Tag: Succession

Arrested development

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Entrance to the Choate mine.

Entrance to the Choate chromite mine at Soldiers Delight in Maryland. Fall 1973.

Entrance to the Choate mine.

Entrance to the Choate mine. Although trash was being removed from the area, fresh appliances had been dumped above the entrance. Fall 1973.

Soldiers Delight would be a lot less interesting to some were it not for its contribution to the economic history of Baltimore County, Maryland. Serpentine outcrops including Soldiers Delight, Bare Hills, and the State Line Barrens in Pennsylvania supplied most of the world’s chromium ore in the mid 19th century. Issac Tyson, and later his sons, owned land and operated mines at these places, shipping all the chromite to Baltimore and monopolizing the industry from the 1820s until after the Civil War. But the long term impact of this activity may have been more ecological than economic.

Stemming the tide

Below is a diagram that was never shown to me in science class. Alfred Wegener proposed his theory of continental drift in 1912, but it was not until 1960 that most scientists began to accept the new paradigm that continents move around. The idea of crust formation at mid ocean ridges came even later in 1966. So when scientists and teachers in the 1950s and 1960s presented a story about the serpentine rock underlying Soldiers Delight, they got it wrong. Serpentinite is formed in the lower oceanic crust, typically at the mid ocean spreading centers. That’s where it picks up its heavy minerals, like chromium, nickel, and magnesium, which are more abundant in the mantle and deep crust. When Africa floated over here 300 million years ago, a little bit of this oceanic rock got pushed along with it and ended up in the Appalachian Mountains, and in Soldiers Delight. Nobody knew that in 1960.

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A diagram of magma rising through the mantle and forming new oceanic crust at a mid ocean rise. This is where serpentinite is formed.

A diagram of magma rising through the mantle and forming new oceanic crust at a mid ocean rise. This is where serpentinite is formed.

Copy that

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Nikon D3100 on the 22A copy stand. The lens is a Micro-NIKKOR 55mm 1:3.5 with a 12 mm extension tube.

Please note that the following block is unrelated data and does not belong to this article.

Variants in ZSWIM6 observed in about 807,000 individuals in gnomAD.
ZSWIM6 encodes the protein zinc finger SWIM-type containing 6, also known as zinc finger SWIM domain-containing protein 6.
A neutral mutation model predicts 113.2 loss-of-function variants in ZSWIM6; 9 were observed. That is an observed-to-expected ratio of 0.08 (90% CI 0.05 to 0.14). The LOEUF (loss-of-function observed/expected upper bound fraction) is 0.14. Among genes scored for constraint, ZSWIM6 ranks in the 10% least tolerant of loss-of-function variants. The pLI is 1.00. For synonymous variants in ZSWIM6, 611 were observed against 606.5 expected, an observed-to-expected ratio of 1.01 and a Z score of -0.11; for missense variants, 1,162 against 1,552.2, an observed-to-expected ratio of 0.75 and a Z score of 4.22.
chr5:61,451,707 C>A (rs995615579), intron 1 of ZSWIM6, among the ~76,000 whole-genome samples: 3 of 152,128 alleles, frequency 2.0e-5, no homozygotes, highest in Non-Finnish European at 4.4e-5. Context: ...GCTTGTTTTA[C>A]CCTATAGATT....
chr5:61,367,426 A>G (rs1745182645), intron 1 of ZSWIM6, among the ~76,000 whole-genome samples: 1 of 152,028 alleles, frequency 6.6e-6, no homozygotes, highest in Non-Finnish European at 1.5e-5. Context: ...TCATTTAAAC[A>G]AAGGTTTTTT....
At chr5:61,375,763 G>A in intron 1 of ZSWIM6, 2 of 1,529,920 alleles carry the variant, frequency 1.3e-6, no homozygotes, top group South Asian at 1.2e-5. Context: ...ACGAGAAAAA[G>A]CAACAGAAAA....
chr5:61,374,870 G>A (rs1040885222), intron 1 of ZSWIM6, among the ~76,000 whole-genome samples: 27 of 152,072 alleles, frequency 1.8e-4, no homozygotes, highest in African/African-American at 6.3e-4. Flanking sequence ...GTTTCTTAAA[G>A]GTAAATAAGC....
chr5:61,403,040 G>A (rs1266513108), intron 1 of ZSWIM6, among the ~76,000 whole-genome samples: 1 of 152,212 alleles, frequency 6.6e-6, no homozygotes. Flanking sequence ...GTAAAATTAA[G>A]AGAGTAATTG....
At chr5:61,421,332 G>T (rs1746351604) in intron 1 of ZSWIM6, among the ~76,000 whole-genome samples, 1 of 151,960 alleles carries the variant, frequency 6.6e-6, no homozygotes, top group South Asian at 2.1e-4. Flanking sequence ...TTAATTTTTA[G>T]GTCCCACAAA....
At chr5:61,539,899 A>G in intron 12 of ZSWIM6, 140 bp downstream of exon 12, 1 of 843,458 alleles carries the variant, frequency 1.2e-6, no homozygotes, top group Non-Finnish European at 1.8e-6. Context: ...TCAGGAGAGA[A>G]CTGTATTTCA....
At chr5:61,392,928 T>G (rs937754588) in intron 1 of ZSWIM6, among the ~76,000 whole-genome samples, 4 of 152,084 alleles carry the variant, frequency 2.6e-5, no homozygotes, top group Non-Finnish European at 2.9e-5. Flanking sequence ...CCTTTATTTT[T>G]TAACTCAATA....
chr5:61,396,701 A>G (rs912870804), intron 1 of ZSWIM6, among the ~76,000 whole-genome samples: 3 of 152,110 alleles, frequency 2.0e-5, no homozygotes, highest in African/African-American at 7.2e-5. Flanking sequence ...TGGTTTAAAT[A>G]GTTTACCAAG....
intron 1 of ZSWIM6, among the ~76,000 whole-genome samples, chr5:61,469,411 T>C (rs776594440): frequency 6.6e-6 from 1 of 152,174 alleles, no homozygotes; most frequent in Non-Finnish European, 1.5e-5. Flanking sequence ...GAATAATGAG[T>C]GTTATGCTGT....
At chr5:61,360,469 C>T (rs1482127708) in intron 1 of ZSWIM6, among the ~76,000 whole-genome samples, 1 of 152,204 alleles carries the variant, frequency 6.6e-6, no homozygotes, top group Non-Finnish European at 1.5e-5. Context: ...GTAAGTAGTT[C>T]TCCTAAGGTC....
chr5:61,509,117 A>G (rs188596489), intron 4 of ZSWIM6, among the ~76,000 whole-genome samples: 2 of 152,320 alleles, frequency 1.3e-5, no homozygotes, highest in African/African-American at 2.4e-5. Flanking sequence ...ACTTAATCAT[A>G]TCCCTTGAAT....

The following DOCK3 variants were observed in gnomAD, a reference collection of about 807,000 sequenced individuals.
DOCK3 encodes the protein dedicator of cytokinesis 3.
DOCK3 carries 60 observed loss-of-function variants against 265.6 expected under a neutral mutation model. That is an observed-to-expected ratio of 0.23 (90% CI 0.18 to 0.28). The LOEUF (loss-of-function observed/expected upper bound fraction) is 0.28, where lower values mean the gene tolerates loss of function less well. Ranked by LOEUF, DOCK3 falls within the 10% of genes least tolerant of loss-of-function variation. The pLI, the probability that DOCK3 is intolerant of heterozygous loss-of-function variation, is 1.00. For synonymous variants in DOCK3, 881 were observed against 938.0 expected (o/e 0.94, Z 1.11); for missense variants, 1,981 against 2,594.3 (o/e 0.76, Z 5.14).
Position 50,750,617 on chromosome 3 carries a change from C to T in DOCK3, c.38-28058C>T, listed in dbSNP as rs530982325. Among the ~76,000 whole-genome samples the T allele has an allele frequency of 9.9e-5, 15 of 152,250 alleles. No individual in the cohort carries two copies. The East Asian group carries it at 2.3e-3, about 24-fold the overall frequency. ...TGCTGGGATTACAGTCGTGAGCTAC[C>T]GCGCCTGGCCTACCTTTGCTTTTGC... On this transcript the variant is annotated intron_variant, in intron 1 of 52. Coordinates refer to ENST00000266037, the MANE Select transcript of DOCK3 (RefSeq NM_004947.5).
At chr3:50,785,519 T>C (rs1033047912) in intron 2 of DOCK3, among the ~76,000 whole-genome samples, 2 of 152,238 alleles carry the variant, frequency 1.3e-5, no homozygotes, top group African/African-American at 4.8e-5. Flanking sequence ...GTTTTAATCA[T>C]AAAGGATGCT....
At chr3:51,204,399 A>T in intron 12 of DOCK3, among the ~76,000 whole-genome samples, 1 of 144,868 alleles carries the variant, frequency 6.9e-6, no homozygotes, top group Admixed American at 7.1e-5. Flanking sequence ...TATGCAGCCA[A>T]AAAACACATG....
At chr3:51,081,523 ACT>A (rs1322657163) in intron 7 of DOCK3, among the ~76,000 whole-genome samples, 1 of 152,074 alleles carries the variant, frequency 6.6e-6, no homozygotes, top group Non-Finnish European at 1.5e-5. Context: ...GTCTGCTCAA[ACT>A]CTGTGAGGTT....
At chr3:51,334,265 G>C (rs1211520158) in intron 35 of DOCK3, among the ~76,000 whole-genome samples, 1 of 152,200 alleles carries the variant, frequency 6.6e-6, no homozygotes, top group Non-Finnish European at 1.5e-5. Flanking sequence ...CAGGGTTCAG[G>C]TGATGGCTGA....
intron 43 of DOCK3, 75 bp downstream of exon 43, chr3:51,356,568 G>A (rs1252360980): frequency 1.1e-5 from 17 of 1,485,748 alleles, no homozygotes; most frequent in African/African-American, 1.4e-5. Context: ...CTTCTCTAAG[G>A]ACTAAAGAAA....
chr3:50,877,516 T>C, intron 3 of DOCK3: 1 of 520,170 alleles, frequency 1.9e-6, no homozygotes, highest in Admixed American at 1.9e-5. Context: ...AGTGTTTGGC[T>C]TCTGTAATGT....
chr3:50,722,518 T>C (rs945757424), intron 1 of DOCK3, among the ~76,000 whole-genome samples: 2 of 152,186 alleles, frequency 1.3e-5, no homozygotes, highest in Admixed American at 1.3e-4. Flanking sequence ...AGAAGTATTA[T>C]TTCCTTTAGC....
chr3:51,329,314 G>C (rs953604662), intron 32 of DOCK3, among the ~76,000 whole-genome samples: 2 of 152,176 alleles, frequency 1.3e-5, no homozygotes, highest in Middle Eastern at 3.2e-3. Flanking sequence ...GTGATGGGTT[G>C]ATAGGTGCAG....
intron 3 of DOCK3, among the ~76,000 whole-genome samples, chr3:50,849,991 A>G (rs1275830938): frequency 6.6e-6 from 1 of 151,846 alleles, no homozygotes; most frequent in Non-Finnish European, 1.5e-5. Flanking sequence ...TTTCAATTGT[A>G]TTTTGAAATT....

Nikon D3100 on the 22A copy stand. The lens is a Micro-NIKKOR 55mm 1:3.5 with a 12 mm extension tube.

The film is placed in a negative carrier from my old Omega B-22 enlarger. The light source is a frosted glass lamp shade with a compact fluorescent bulb.

The film is placed in a negative carrier from my old Omega B-22 enlarger. The light source is a frosted glass lamp shade with a compact fluorescent bulb.

I watched eBay auctions for Nikon D3100 cameras for a day, then started watching auctions for D5100 cameras. I assumed that the upgrade from the Nikon D40’s six megapixels had to be at least to 14 megapixels to make a noticeable improvement in copies of old Plus-X film, and I assumed that to really record the film grain, the D5100’s 16 megapixels would be required. But the D5100 was $100 more, and the raw files it makes are 20 MB, compared to 15 MB for the D3100 (and 5 MB for my old D40). The D5100 is also bigger and a bit heavier. After several D3100 auctions completed, I ordered a refurbished one from Adorama for $350, about the price used ones were going for on eBay with a kit 18-55 mm VR lens. This gave me a 90 day warranty and it was easy to order a couple of spare batteries. It arrived in 1.5 days for $6 shipping, way better than most eBay deals.

The succession of precedence

Google has digitized the text of five million books. The old ones are in the public domain and you can read them online at http://books.google.com/. Most of the more recent ones are still protected by copyright law, but that law did not anticipate the ingenuity at Google. The individual words and phrases in all those books are now in a huge database that anyone can search. Maybe you can’t read every book online, but you can learn how book writers have used the language over the past two centuries at http://ngrams.googlelabs.com/. This allows a very new kind of literary research – answering questions without reading.  Although it turns out that some reading is still required.